By Micha Green
AFRO D.C. Editor

With non-essential businesses closed, restaurants under-operating and much of the nation’s capital shut down due to the COVID-19 pandemic, Ward 5 Councilmember Kenyan McDuffie (D) and the District of Columbia Council are working to assist small businesses during this hard time, while also keeping communities of color in mind.

Shortly after D.C. Mayor Muriel Bowser announced that she was declaring both a state of emergency and public health emergency, McDuffie told the AFRO in an exclusive that he immediately began working to soften the blow and help local residents, as complaints began ringing in about the social distancing sting.

Ward 5 Councilmember Kenyan McDuffie (D) is leading efforts to support small businesses and communities of color during the COVID-19 pandemic. (Courtesy Photo)

“Unlike a lot of local economies, we have a lot of small business owners. We have a lot of locally owned restaurants in the District of Columbia, so the impact was felt almost instantaneously,” McDuffie said.

“We heard from hotel owners- the hotel industry has been decimated. We heard from restaurant owners, and you know D.C. has a very burgeoning restaurant and nightlife scene here in the city, and it’s really been one of the stronger aspects of our local economy.” 

Keeping the District’s businesses in mind, McDuffie introduced the “DC Public Health Emergency Small Business Grant Program, part of the Council’s larger COVID-19 Response Emergency Amendment Act of 2020

“While recognizing there is still a long road ahead and more work to be done by the District government to support our economy, this program will begin to help some of our small businesses, nonprofits and independent contractors weather this storm,” McDuffie said in a statement.

The Ward 5 Councilmember emphasized that the grant is wide-ranging in the kind of small businesses the grant program hopes to support.  

“We wanted to make it as inclusive as possible, so not only is it for small business owners, but it’s also for nonprofits as well as independent contractors who do not qualify for the District’s unemployment,” he said. “So when I think about industries that are important to residents that sometimes don’t get the recognition that they deserve, I think about our Go-Go community.  There are a lot of small business owners in our Go-Go community, independent contractors, whose venues have told them that they have to cancel or postpone until dates that are uncertain. And we wanted to make sure that they could also apply to the small business micro-grant program.”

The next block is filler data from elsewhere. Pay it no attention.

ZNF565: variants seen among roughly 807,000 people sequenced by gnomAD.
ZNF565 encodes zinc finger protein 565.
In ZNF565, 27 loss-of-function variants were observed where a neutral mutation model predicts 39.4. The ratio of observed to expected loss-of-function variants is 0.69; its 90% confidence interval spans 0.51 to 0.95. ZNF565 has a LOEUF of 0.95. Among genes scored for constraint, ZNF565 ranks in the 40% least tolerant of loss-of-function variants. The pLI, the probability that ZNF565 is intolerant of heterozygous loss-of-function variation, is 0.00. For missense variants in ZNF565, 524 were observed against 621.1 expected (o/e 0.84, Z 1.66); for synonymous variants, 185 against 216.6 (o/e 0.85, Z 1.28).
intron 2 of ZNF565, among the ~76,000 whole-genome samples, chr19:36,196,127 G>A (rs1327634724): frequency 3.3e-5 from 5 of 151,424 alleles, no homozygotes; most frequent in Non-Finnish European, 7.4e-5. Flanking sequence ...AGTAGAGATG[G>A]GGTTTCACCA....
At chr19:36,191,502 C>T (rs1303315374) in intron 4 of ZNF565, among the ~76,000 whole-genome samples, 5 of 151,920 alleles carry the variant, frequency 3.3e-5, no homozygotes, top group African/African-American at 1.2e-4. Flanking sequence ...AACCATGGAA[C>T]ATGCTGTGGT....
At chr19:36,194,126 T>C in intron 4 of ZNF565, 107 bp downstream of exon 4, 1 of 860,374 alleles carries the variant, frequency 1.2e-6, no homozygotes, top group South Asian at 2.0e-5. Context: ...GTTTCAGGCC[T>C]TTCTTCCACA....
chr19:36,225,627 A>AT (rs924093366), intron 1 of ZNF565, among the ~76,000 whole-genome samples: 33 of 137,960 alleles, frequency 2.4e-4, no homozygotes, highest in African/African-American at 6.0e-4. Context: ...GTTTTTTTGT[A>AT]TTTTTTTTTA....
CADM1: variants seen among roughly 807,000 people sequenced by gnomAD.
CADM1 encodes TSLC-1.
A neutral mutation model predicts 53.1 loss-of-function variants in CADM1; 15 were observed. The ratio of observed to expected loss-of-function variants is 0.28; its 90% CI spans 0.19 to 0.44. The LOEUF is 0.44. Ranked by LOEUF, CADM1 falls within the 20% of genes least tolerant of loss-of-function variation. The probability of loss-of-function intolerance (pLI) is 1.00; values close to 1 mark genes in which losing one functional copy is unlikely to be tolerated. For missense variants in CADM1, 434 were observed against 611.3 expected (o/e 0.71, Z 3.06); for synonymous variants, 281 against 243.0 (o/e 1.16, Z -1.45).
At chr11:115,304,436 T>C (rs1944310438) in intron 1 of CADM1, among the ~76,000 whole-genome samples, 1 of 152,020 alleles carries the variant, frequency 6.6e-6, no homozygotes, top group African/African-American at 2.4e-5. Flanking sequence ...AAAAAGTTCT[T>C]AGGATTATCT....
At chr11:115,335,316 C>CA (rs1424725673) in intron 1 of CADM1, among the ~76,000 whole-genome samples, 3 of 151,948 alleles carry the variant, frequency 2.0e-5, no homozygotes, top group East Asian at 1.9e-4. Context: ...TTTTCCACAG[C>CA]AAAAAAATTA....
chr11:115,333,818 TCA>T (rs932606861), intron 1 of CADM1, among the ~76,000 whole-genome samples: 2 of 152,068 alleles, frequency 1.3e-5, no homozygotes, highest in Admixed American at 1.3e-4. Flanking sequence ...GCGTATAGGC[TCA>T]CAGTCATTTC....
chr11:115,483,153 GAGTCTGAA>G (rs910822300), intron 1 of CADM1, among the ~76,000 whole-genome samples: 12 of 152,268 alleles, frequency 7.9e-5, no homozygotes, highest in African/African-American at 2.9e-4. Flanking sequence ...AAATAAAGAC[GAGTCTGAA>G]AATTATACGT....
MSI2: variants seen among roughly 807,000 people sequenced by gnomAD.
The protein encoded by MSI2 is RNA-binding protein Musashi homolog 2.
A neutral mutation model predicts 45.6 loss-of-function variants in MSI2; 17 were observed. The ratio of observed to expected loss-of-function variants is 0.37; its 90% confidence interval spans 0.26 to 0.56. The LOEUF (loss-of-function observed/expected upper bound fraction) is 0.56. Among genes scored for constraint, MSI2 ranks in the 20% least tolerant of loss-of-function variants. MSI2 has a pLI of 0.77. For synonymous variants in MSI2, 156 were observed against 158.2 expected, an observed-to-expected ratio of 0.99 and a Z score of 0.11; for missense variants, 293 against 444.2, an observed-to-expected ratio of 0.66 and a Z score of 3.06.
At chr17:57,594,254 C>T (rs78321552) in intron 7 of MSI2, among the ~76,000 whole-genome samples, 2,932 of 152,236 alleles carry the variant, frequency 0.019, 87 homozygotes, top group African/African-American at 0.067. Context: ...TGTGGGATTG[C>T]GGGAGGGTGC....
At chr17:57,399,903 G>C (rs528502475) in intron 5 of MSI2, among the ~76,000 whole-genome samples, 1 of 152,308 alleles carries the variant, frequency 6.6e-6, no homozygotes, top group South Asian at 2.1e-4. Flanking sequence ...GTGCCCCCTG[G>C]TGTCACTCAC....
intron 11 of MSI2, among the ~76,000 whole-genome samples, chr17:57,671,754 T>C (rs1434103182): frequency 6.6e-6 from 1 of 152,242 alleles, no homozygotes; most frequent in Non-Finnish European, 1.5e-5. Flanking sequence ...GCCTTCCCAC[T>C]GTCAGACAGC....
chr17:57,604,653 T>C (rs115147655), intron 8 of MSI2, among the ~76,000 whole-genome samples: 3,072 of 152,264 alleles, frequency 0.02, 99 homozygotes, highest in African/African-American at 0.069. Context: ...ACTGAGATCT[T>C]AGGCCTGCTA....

While big businesses and corporations might also be experiencing challenges, despite their work for an inclusive program, McDuffie said the program is limited to organizations that would be eligible to constitute as a small business according to U.S. Small Business Association (SBA) guidelines, even without the official small business enterprise (SBE) certification.

The District’s grant program is beginning with $25 million in funds given to businesses and McDuffie encourages Washingtonian entrepreneurs to apply at:  

In addition to the work McDuffie has done to support small businesses during the COVID-19 pandemic, the Councilmember is also considering the disproportionate effect such difficult times can have on communities of color.

“As the saying goes, when White America catches a cold, Black America catches the flu. While many experts are conveying coronavirus warnings as though they will impact Americans equally, it is more likely that this pandemic will hit the poor, communities of color and minority owned businesses the hardest,” McDuffie said in a letter sent to his colleagues on March 23.

He particularly pointed out that people of color “are more likely to be uninsured or underinsured,” and not have access to transportation, a primary care physician, or doctor.  McDuffie also noted that with unemployment rates projected to skyrocket up to 30 percent nationally, “we should assume that those numbers will be even higher for communities of color.” 

In addition, the Council member explained how communities of color might have a harder time social distancing.

“Many people of color live in cities, dense neighborhoods, or public housing, while others experience persistent housing insecurity or homelessness. Our families tends to be larger and more than one generation may live under one roof, exposing vulnerable adults to frequent interactions with others inside their home,” McDufffie explained.

The Council member implored his colleagues to particularly consider the plight of communities of color as they continue to brainstorm how to assist residents.

“As the coronavirus spreads and public health emergency persists, I hope that we will continue to work collaboratively, paying special attention to the impact that this disease and the response to its spread may have on communities of color as well as on minority-and women-owned businesses.”

Micha Green

AFRO Washington, D.C. Editor